The downside and upside of our ability to rationalize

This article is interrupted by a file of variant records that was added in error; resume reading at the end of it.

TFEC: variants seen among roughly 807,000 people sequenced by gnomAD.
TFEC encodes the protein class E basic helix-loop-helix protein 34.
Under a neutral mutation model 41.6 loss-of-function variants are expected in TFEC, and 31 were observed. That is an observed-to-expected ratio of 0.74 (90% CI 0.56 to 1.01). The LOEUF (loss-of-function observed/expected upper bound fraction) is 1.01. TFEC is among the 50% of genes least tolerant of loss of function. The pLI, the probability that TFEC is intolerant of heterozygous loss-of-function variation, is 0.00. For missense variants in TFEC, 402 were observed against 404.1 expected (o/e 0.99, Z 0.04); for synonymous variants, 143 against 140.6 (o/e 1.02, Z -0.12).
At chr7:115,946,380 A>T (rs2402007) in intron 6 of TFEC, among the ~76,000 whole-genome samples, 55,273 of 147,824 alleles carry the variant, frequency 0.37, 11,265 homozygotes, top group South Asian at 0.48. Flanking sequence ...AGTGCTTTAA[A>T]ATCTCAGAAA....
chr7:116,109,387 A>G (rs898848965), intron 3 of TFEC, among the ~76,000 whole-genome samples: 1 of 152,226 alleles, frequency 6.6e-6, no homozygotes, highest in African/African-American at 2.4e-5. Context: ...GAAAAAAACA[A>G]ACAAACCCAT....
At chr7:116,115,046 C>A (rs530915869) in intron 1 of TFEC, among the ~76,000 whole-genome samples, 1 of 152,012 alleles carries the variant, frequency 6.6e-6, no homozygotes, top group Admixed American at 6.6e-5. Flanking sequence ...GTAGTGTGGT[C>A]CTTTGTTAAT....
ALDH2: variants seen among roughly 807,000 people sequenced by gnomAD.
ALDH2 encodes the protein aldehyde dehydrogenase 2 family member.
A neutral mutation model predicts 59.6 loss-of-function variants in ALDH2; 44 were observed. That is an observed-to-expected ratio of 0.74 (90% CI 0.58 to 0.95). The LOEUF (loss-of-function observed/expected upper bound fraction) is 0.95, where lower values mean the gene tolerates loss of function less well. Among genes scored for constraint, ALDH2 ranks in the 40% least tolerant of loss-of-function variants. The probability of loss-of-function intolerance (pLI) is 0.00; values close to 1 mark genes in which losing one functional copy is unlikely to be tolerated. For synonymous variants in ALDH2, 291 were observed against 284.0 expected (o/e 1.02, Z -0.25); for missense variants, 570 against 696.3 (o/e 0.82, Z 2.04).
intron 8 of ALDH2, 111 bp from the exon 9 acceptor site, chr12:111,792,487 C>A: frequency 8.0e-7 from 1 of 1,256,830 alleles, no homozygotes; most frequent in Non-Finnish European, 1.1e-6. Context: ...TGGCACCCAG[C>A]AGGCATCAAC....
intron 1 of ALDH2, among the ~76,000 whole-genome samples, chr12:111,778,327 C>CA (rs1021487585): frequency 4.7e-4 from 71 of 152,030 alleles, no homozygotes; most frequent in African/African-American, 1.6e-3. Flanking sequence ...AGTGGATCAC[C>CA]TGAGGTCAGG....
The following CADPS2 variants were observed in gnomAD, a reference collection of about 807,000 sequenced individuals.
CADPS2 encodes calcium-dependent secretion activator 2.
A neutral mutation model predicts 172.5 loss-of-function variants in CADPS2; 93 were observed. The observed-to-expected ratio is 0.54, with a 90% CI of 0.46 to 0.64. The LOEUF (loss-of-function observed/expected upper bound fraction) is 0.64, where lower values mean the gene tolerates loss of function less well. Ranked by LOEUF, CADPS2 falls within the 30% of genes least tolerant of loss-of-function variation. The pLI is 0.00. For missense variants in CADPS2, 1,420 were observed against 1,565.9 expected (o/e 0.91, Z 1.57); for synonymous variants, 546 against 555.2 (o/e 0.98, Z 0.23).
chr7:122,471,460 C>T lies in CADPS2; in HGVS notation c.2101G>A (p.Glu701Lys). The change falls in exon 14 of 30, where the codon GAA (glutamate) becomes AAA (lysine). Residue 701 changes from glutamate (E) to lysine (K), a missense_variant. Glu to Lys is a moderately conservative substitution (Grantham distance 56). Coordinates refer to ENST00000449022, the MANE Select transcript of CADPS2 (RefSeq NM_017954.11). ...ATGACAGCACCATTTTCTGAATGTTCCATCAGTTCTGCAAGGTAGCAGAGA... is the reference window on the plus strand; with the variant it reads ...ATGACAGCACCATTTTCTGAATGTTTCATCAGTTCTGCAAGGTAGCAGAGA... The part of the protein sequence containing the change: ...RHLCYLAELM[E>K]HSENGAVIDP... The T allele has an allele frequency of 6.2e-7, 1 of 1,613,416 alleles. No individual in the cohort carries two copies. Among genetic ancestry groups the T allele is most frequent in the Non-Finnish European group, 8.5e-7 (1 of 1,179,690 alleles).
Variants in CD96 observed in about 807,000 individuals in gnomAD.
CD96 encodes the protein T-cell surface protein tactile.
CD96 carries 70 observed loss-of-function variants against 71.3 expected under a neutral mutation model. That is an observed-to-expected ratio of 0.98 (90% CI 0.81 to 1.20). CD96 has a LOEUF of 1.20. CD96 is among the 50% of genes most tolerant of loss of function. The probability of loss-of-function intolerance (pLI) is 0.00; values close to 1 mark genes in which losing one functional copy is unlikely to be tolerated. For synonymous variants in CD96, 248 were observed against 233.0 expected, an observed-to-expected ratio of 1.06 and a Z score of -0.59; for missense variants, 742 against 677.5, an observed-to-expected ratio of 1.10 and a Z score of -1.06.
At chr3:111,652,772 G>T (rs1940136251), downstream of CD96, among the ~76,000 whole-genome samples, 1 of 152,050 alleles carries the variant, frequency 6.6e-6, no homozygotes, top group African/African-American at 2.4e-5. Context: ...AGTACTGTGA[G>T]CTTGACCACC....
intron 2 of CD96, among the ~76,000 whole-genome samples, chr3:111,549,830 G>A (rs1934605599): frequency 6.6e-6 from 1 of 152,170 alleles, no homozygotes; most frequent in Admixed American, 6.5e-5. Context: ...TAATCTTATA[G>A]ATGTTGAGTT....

We had another discussion last night about how happy the people in the villages seem to be, in spite of hunger, unstable water supply, long days of labor for low wages, etc. This time someone brought up how shallow it seems that rich people get upset over things that, to the poor people, sound ridiculous, like the wireless being down or not having enough money to purchase some new toy. Anyone who's read Daniel Gilbert's book "Stumbling on Happiness" would know the amazing power of the human brain to rationalize and adjust to new circumstances. The band of possible human conditions is much wider than the band of human emotion; people near the top are only a little bit happier than people near the bottom. Paraplegics report higher levels of happiness than normal people, despite not having the use of their legs. If we couldn't adjust, then people who've scaled the heights of income and status would just walk around in a halo of golden, happy feelings, and people who are desperately poor would be despondent and depressed all of the time. That world state is definitely worse than our current one. People who live in conditions absolutely and materially much worse than those in the West have a chance to be happy. On the flipside, though, people in the West who live in historic material and absolute comfort have a chance to experience sadness, and because their lives aren't filled with drama such as "will I be able to get a gallon of water today, or three?" this sadness always seems shallow, even though the feeling is surely real. The ability of poor people to be extremely happy and the ability of rich people to be extremely sad are flip sides of the same token, I believe. I'm not sure you could have one without having the other. This tradeoff has been positive on net for the human condition.

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